Scientists use TikTok to educate about COVID-19 vaccine
Catherine Newman

A coronavirus vaccine has started to be rolled out in some countries but there is a lot of uncertainty surrounding it, not only due to disinformation on the internet but also due to many feeling as though they know little about what could potentially be injected into their bodies. 

One group of scientists, know as Team Halo, are hoping to ease people's fears and provide them with clear scientific information about the coronavirus vaccine. The group of medical experts, from across the world, have taken to social media, mainly TikTok, to share simple and basic information in a factual yet fun way. 

CGTN Europe spoke to Nathan Peiffer-Smadja, an infectious diseases consultant at the Bichat Hospital in Paris and Team Halo volunteer. He tells us first-hand why medical professionals across the globe decided to step forward and become a part of Team Halo. 

"I work with Team Halo in France to encourage people to gain knowledge about the vaccines and to explain how vaccines work, to maybe fight against vaccine hesitancy," says Peiffer-Smadja. 

Team Halo is supported by the United Nations (UN), which gathers experts with the hopes of easing vaccine fears and uncertainty. 

Peiffer-Smadja explains that the main goal is be transparent in sharing information on the internet. 

"If we explain things simply, people will believe in the vaccines and their fears will maybe not disappear but decrease. So the way we want to do it is to do it both in a scientific way, but with short videos."

With disinformation stoking worries about the vaccine, Peiffer-Smadja says that the main goal of Team Halo is to "tackle the fears of the people."

"The way we want to do it is to do it with simple and short videos so that people can watch it any time. Sometimes with a humorous tone but to share validated scientific information." 

The infectious diseases consultant continues "the idea is more to disseminate information, medical and scientific information, to everybody so that they can have answers to their simple questions." 

Team Halo's videos are across social media platforms including TikTok, Facebook and Twitter but Peiffer-Smadja explains that the group of medical volunteers also aim to reach older groups of people through different mediums. 

"I think as experts in our own countries, we go really often in the media," he says, mentioning the television and newspapers. 

"I do at least between 10 and 20 interviews a week on such classical or standard media, which is more focused, I think, to the older people."

Peiffer-Smadja adds: "I think TikTok, the good thing is that you really can target young people, adolescents, and so that's the way we want to use it." 

Medical experts from across the world have volunteered to be a part of Team Halo in order to share scientific information about the vaccine. /Team Halo

Medical experts from across the world have volunteered to be a part of Team Halo in order to share scientific information about the vaccine. /Team Halo

One of the main causes of uncertainty is that the vaccine has been developed in a much shorter time frame. As Peiffer-Smadja explains, the reason that this was possible is because scientists "don't begin at the beginning." 

"With COVID-19, we have all the pharmaceutical companies, all the research institutes, all the medical and scientific experts working on vaccines, going for the same objective. 

"We have means that are put into the development of vaccines that have never been before for any vaccine. So you get quicker because there is a common set of knowledge that can be used by any person working on the vaccine."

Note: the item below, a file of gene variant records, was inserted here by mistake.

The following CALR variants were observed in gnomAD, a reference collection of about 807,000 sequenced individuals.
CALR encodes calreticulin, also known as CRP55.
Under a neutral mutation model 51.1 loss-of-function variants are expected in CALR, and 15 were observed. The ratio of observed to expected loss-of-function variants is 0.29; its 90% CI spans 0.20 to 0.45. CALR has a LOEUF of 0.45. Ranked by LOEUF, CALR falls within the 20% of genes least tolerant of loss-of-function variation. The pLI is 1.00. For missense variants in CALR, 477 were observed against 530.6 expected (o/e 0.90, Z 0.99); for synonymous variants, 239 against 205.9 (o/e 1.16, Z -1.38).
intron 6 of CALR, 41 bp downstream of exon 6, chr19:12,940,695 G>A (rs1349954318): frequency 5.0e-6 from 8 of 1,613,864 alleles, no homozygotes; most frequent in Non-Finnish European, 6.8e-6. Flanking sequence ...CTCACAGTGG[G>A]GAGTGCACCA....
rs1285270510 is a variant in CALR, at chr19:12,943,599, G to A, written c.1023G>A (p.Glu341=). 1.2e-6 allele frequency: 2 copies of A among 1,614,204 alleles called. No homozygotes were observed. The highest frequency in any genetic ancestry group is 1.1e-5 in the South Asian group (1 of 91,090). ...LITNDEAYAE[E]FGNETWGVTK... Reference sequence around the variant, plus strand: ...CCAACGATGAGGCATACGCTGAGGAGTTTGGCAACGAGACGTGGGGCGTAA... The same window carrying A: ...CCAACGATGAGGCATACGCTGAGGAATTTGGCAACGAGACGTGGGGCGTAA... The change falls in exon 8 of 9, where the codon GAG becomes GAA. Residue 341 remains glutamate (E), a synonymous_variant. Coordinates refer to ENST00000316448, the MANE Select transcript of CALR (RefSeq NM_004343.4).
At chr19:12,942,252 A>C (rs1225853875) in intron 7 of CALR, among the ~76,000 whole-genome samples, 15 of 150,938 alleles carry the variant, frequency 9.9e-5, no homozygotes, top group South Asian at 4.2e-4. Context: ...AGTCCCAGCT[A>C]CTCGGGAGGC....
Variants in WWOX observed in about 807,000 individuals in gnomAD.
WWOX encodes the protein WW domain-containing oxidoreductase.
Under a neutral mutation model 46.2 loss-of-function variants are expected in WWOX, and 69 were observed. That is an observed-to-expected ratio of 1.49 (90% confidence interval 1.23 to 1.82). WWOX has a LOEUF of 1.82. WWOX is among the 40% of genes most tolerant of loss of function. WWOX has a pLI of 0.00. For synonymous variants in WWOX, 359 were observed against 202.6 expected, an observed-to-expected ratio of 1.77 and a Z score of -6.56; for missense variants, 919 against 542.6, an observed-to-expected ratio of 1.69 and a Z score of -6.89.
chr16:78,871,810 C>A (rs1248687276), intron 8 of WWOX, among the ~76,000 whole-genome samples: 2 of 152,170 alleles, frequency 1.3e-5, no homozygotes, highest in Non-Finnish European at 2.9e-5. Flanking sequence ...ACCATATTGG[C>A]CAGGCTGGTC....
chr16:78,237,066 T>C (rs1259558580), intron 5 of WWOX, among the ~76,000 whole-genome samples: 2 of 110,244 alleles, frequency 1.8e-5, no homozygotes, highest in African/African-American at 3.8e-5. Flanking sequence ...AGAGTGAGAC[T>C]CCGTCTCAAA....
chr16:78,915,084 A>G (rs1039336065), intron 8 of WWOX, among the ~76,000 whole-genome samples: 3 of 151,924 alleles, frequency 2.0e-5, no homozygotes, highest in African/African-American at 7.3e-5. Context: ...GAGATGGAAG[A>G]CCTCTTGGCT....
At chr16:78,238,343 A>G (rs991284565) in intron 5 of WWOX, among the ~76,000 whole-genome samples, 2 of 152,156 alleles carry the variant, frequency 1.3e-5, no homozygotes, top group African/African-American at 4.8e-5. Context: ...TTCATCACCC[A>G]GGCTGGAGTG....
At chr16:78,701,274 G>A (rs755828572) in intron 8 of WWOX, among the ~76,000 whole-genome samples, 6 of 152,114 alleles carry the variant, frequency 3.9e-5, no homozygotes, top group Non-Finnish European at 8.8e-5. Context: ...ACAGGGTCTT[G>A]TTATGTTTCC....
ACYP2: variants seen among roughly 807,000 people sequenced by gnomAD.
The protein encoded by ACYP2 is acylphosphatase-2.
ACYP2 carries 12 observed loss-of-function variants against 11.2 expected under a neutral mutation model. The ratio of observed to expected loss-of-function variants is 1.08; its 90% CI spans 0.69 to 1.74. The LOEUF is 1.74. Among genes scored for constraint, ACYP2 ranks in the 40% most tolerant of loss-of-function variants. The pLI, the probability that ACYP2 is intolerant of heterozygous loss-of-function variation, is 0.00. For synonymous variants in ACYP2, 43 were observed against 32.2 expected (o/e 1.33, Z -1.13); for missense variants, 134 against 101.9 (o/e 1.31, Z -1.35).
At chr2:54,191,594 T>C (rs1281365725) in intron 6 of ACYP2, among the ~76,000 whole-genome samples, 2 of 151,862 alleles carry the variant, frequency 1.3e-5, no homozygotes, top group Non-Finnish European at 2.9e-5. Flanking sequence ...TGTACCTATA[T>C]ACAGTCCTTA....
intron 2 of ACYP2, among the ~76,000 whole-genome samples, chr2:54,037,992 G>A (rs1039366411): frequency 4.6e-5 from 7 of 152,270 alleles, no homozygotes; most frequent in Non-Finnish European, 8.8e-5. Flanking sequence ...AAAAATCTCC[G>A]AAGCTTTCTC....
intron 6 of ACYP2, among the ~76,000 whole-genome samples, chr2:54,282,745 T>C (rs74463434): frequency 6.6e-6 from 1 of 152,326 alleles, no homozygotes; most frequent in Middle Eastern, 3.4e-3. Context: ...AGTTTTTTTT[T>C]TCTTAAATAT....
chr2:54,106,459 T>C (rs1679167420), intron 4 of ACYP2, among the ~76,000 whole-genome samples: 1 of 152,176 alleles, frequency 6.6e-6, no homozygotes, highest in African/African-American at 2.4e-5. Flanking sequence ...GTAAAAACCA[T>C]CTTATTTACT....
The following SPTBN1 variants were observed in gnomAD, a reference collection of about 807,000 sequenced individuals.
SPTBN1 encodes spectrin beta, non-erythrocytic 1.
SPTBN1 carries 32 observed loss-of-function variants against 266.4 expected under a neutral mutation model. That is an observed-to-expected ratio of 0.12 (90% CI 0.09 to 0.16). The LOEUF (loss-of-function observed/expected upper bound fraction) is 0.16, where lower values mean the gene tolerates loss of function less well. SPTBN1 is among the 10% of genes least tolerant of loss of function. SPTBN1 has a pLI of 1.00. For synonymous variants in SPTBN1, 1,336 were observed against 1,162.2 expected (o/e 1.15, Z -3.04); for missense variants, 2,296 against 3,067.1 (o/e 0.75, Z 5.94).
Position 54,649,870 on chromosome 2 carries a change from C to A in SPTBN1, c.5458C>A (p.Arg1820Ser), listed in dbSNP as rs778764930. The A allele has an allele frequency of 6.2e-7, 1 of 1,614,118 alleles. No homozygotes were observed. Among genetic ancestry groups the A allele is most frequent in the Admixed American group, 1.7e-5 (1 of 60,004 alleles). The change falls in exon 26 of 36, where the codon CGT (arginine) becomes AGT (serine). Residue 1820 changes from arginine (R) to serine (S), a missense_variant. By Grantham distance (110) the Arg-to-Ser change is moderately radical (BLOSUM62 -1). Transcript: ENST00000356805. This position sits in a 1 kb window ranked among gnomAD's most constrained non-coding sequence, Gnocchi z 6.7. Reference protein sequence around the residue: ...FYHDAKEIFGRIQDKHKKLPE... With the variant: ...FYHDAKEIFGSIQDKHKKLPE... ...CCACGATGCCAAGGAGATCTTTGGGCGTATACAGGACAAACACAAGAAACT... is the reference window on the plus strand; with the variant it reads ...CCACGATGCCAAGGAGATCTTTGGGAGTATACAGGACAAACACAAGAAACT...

Peiffer-Smadja also says that sharing information via scientific publications and the use of new technology have helped to accelerate the vaccine-making process. 

"When you look at vaccine development, you saw that 30 years ago, it took 20 years to do a vaccine. 

"Last time we developed new vaccines, the new vaccine took five years for Ebola and COVID-19 took less than one year... things are accelerating." 

The infectious diseases consultant also says that coronaviruses are a good target for vaccines because the spike protein which is easily available and needed for the entry of the virus into the cells, does not mutate significantly and can be used relatively easy for the vaccine. 

Moving on from how long the vaccine actually took to make, allergic reactions to the vaccine are another cause of concern for many people, which Peiffer-Smadja clears up, saying that in reality, it was two people in the UK who had "a severe history of allergic reactions" but who "did not need to be hospitalized."

Peiffer-Smadja continues: "You have to say what's happening, but you have to say it in a way that people don't get afraid. 

"You have to remind them that if you don't have a history of severe allergic reactions, if you've been vaccinated before, there is no reason you will develop a severe allergic reaction... you always have to balance between the risk and benefits of the vaccine."

The period of vaccine development and allergic reactions are just some of the myths debunked by Team Halo, which has people from countries across the world sharing videos in all languages in order to reach everyone. 

"The good thing is that Team Halo is international, so we can share with other experts, anywhere in the world, we can share the scientific information, we can agree on the main messages, we can discuss together, and then we can go to our own country." 

Peiffer-Smadja summarizes by saying: "I think we tackle the fears with the only way that has potential, which is by sharing good scientific and easily understandable information." 

Video editor: Sam Cordell

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